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Risks: Supply Chain Management

Recent times showed an increase in risks to supply chain management. These risks can be categorised into internal and external risk exposures. Examples of internal exposures are fraud and corruption, inadequate supply chain management processes, non-adherence to supply chain management policies and sub-standard systems. External exposures relate mostly to events outside the control of an organisation such as floods, fires, drought, earthquakes, unprotected strikes, corruption involving third parties, cyber threats, and pandemics.

Recent incidents that influenced South Africa more specifically are the Covid-19 pandemic, the KZN floods, the Eastern Cape drought, the failure of Eskom to provide a continuous supply of electricity and the recent unprotected strikes, as well as the strike of truck drivers at Mooi River. These incidents caused serious damage to the supply chain management processes which subsequently also negatively affected the country’s economic status as a whole and the survival of individual organisations. The Covid-19 pandemic also caused an increase in cyber risk on a global basis, affecting many countries and organisations.

It is evident that supply chain management is affected by various operational risks, which include the risk factors such as internal processes, people, systems, and external events. Therefore, it is crucial that organisations must have a risk management framework as a platform to ensure an embedded risk management culture, risk management strategies, risk management structures and risk management processes.

A risk management culture will create an awareness approach to risk management and the risk exposures faced by the supply chain. An integrated approach between strategic management and risk management is crucial to ensure that the strategies are formulated within realistic risk appetite tolerance levels. This should ensure that risk appetite statements can be defined to a degree that will allow organisations to monitor the business strategies and proactively address the risk exposures, which includes the supply chain processes. It is furthermore important to have an effective risk management structure that ensures dedicated staff and committees to manage the risks faced by an organisation and is imperative that all staff are involved in risk management.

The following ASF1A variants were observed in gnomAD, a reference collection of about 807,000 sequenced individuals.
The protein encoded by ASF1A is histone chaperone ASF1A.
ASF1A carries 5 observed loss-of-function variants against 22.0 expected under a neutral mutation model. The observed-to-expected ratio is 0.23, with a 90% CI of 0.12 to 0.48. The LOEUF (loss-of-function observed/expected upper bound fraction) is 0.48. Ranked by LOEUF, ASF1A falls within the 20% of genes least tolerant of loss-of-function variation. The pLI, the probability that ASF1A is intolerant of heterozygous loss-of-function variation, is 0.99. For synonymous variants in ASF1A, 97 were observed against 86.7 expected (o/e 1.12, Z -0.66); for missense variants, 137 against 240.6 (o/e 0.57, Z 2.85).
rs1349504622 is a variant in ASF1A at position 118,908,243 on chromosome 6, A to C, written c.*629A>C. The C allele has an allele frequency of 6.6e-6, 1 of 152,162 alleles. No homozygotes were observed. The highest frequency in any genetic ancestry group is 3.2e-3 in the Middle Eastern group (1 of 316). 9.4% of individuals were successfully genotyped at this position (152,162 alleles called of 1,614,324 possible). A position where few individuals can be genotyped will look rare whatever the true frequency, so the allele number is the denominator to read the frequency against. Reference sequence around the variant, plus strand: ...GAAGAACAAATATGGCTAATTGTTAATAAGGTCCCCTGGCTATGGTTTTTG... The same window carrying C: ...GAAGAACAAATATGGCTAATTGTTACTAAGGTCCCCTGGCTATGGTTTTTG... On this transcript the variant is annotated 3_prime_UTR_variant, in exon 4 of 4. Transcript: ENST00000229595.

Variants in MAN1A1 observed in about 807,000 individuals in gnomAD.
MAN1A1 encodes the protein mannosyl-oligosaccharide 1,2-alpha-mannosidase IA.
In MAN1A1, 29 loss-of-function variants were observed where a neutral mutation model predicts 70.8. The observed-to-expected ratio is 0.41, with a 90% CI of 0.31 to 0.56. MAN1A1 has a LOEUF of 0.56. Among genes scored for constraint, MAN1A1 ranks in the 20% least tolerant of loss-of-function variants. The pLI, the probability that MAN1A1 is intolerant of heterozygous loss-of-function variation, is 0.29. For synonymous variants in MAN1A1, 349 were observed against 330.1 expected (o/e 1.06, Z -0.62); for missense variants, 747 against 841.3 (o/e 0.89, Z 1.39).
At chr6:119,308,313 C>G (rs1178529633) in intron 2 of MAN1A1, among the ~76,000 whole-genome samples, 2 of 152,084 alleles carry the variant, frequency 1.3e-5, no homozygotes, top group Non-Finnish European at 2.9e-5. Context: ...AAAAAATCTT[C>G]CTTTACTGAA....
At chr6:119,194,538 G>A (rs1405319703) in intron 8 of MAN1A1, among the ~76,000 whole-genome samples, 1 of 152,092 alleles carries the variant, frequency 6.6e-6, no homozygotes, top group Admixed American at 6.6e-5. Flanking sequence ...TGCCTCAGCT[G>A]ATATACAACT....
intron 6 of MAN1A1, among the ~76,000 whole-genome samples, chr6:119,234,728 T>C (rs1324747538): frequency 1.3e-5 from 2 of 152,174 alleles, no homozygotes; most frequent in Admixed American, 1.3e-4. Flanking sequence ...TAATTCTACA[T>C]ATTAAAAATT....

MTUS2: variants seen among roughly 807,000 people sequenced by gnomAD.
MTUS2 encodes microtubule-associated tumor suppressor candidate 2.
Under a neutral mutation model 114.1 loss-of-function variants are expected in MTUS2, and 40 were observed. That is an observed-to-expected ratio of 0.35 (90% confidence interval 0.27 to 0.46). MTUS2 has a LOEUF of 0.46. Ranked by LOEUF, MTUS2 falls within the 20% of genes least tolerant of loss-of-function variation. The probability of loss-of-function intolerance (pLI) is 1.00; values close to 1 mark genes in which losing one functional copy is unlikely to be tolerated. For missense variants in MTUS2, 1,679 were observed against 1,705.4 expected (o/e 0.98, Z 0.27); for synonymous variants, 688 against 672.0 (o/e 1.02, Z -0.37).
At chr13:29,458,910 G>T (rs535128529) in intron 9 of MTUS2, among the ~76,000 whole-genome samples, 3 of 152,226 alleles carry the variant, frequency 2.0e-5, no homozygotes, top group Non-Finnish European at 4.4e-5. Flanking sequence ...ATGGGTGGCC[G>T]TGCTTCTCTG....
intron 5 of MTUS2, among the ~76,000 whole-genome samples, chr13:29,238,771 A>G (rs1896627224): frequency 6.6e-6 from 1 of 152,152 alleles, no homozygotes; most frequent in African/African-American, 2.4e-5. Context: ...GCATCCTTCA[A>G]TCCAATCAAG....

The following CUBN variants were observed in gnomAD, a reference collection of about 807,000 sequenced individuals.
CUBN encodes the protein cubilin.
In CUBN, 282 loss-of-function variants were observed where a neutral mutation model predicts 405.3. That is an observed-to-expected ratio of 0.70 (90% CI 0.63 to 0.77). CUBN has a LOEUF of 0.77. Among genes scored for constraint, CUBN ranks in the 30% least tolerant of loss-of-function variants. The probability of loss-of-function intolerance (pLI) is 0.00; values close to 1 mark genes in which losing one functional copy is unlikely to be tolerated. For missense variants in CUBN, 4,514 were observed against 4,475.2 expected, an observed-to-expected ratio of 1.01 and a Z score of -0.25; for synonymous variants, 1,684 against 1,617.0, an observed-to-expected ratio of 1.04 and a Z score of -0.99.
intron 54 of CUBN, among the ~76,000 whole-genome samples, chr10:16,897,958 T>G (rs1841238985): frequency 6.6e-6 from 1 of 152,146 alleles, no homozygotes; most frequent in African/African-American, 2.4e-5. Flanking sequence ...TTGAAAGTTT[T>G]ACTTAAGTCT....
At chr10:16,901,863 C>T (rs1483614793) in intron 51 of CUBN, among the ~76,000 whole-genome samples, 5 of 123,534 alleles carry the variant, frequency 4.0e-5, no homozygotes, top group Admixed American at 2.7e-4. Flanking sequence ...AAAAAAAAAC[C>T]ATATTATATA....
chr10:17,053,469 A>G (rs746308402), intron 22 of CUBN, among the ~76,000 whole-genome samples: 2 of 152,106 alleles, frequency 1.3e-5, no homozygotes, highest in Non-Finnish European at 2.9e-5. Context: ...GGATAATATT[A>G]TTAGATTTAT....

Also important is an established risk management process that will ensure the identification and assessments of risk exposures and threats to the organisation and supply chain and to define effective risk control measures that should be monitored on a continuous basis. Two control measures are explicitly important for supply chain management, being business continuity management (BCM) and information security management (ISM). BCM aims to ensure that should an organisation experience a risk incident, that the effect is minimised, and that the organisation can recover and continue with its business within an appropriate timeframe. ISM is similarly important, especially in the latest trends of increasing reliance on information technology and the related cyber risks.

supply chain management systems

From an operational risk management view, it is evident that countries and organisations should establish and embed a risk management framework to ensure adequate management systems, including the supply chain management systems and processes. As such, it is also important that all organisations should also embark on establishing management principles, included in policies, to ensure the effective management of supply chains.

Prof Jackie Young
22 July 2022

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